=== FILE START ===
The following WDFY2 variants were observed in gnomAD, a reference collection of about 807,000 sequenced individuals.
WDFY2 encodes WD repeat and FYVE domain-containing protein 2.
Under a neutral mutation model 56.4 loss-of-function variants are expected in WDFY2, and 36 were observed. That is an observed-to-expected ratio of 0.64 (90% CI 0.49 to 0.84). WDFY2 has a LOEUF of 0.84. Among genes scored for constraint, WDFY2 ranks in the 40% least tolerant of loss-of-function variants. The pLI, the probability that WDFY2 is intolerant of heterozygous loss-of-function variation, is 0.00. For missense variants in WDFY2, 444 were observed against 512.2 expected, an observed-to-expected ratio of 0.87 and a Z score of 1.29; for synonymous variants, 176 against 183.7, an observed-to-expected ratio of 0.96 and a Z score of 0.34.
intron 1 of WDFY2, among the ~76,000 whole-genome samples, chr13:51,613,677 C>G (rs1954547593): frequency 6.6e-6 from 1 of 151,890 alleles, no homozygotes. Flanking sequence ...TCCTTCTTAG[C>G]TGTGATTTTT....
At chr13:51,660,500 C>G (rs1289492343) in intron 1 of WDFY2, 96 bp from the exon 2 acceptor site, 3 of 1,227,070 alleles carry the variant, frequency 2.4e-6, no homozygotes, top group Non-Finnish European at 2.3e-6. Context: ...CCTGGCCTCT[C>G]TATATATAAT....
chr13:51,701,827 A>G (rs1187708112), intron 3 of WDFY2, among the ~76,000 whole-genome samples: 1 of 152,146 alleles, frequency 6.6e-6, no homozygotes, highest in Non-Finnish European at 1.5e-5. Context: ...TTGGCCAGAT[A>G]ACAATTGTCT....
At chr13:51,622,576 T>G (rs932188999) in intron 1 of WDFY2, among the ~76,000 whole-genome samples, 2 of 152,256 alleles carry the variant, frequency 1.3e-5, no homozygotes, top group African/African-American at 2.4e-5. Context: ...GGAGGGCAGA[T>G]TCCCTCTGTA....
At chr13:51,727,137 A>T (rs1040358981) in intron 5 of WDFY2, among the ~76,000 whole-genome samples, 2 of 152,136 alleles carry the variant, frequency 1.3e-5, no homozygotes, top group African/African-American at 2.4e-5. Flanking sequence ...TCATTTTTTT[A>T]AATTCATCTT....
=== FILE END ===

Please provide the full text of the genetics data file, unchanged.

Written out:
The following WDFY2 variants were observed in gnomAD, a reference collection of about 807,000 sequenced individuals.
WDFY2 encodes WD repeat and FYVE domain-containing protein 2.
Under a neutral mutation model 56.4 loss-of-function variants are expected in WDFY2, and 36 were observed. That is an observed-to-expected ratio of 0.64 (90% CI 0.49 to 0.84). WDFY2 has a LOEUF of 0.84. Among genes scored for constraint, WDFY2 ranks in the 40% least tolerant of loss-of-function variants. The pLI, the probability that WDFY2 is intolerant of heterozygous loss-of-function variation, is 0.00. For missense variants in WDFY2, 444 were observed against 512.2 expected, an observed-to-expected ratio of 0.87 and a Z score of 1.29; for synonymous variants, 176 against 183.7, an observed-to-expected ratio of 0.96 and a Z score of 0.34.
intron 1 of WDFY2, among the ~76,000 whole-genome samples, chr13:51,613,677 C>G (rs1954547593): frequency 6.6e-6 from 1 of 151,890 alleles, no homozygotes. Flanking sequence ...TCCTTCTTAG[C>G]TGTGATTTTT....
At chr13:51,660,500 C>G (rs1289492343) in intron 1 of WDFY2, 96 bp from the exon 2 acceptor site, 3 of 1,227,070 alleles carry the variant, frequency 2.4e-6, no homozygotes, top group Non-Finnish European at 2.3e-6. Context: ...CCTGGCCTCT[C>G]TATATATAAT....
chr13:51,701,827 A>G (rs1187708112), intron 3 of WDFY2, among the ~76,000 whole-genome samples: 1 of 152,146 alleles, frequency 6.6e-6, no homozygotes, highest in Non-Finnish European at 1.5e-5. Context: ...TTGGCCAGAT[A>G]ACAATTGTCT....
At chr13:51,622,576 T>G (rs932188999) in intron 1 of WDFY2, among the ~76,000 whole-genome samples, 2 of 152,256 alleles carry the variant, frequency 1.3e-5, no homozygotes, top group African/African-American at 2.4e-5. Context: ...GGAGGGCAGA[T>G]TCCCTCTGTA....
At chr13:51,727,137 A>T (rs1040358981) in intron 5 of WDFY2, among the ~76,000 whole-genome samples, 2 of 152,136 alleles carry the variant, frequency 1.3e-5, no homozygotes, top group African/African-American at 2.4e-5. Flanking sequence ...TCATTTTTTT[A>T]AATTCATCTT....